Last Friday, President Trump signed into law the Taiwan Travel Act, which makes it a U.S. policy to allow high-level meetings between Taiwan and U.S. government officials. News reports about the law have often described it as “non-binding.” This “not legally binding” view is widely shared, including by China’s Ministry of Foreign Affairs. But this reading is not quite right.
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The Taiwan Travel Act, which passed the Senate on Feb. 28 and is heading to the president for his signature, will have limited legal force since it does not require the president to do anything he cannot already do under the U.S. Constitution. But that does not mean the law is purely symbolic. It is likely to have a significant impact on U.S.-Taiwan policy, and consequently, on the increasingly fragile U.S.-China relationship.
The Olympic games are more than just sport.
The 2018 Winter Olympics in Pyeongchang, South Korea have begun. For two weeks, athletes from around the world will careen down mountains and glide on mirror-perfect ice. But as always, global politics–and the military and security threats behind those politics–lie just beneath the sporting surface.
The United States and South Korea (the “U.S.-ROK alliance”) generally conduct two major military exercises throughout the year: the Ulchi-Freedom Guardian exercise in the fall (underway until Aug. 31) and the Foal Eagle-Key Resolve exercise in the spring. North Korea regularly complains about these exercises.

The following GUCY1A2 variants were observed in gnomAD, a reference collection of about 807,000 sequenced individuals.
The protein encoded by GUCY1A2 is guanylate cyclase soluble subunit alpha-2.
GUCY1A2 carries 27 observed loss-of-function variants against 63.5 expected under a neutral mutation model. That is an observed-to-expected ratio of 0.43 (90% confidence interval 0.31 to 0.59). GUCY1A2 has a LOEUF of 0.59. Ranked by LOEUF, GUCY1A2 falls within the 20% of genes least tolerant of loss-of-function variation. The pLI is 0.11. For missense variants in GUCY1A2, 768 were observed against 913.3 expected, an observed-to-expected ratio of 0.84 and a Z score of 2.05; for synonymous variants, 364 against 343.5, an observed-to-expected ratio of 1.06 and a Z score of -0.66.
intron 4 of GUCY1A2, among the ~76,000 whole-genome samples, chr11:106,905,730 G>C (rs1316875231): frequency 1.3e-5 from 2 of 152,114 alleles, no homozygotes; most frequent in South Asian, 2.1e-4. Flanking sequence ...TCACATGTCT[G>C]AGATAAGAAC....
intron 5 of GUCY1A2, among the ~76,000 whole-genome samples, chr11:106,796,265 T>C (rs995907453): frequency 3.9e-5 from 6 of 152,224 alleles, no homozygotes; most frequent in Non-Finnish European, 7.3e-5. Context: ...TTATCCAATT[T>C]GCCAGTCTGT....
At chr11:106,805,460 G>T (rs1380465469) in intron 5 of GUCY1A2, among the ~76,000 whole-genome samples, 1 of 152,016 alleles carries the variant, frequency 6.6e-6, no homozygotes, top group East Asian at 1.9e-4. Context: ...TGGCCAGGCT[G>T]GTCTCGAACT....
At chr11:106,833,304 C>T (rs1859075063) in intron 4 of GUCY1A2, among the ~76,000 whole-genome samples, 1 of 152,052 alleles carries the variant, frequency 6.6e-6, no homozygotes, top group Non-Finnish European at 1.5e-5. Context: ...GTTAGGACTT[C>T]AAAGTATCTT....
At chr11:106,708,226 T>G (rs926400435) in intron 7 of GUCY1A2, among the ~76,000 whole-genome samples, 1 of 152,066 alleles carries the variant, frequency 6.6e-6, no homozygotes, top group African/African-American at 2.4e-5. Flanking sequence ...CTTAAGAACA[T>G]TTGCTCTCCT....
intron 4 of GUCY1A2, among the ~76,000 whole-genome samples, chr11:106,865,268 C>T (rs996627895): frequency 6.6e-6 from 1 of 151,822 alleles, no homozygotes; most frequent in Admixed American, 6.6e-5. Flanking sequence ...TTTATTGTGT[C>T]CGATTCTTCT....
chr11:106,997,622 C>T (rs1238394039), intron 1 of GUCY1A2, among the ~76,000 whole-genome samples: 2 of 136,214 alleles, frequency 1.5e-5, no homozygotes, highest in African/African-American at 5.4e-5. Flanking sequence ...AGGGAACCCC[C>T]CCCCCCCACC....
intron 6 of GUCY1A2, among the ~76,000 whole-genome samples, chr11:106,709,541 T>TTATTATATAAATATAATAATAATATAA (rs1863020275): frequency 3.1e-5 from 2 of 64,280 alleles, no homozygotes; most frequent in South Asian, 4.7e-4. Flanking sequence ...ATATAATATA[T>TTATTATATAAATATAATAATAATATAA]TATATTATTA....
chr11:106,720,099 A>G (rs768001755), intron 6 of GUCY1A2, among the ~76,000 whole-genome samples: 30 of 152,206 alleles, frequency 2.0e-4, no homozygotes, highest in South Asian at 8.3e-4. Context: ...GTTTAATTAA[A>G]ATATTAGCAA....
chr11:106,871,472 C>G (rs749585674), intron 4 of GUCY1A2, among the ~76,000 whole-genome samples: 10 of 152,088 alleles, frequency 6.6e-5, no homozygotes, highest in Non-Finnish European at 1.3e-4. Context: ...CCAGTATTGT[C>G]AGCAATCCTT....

Secretary of State Tillerson is proving to be a man of few words. The result is that there is less to parse, but what is on record is more pointed than the lengthy disquisitions of his predecessor. Six components of his Asia trip require careful reading: his assurances to allies; “20 years of failure”; sanctions; military options; negotiations; and the all-important China audience of one, Xi Jinping.
The Assurance Piece
On February 18, 2017, Beijing abruptly announced that it would suspend all coal imports from North Korea through the end of this year. China’s Ministry of Commerce explained the move as part of its effort to implement sanctions adopted November 30, 2016 under UN Security Council Resolution (UNSCR) 2321.
Last week, Reuters reported that China is “considering revisions to its maritime safety law which would make foreign submersibles travel on the surface and report their movements to authorities when in China’s waters.” The news bulletin also reported that draft provisions would allow maritime authorities “to stop foreign ships entering Chinese waters if the ships are judged to be a possible cause of harm to navigational safety and order.”
U.S. Government Supports Lower Court Decision that Navy Members’ Fukushima Suit Can Proceed in United States
In March 2011, a magnitude 9.0 earthquake rocked the eastern Japanese coastline, causing 100-foot waves, massive damage, and nuclear meltdown at the Fukushima-Daiichi plant. The following day, the U.S.S. Ronald Reagan arrived near Fukushima to carry out Operation Tomodachi (“friend”), a $90 million humanitarian assistance operation. In a class action lawsuit filed in the Southern District of California, U.S.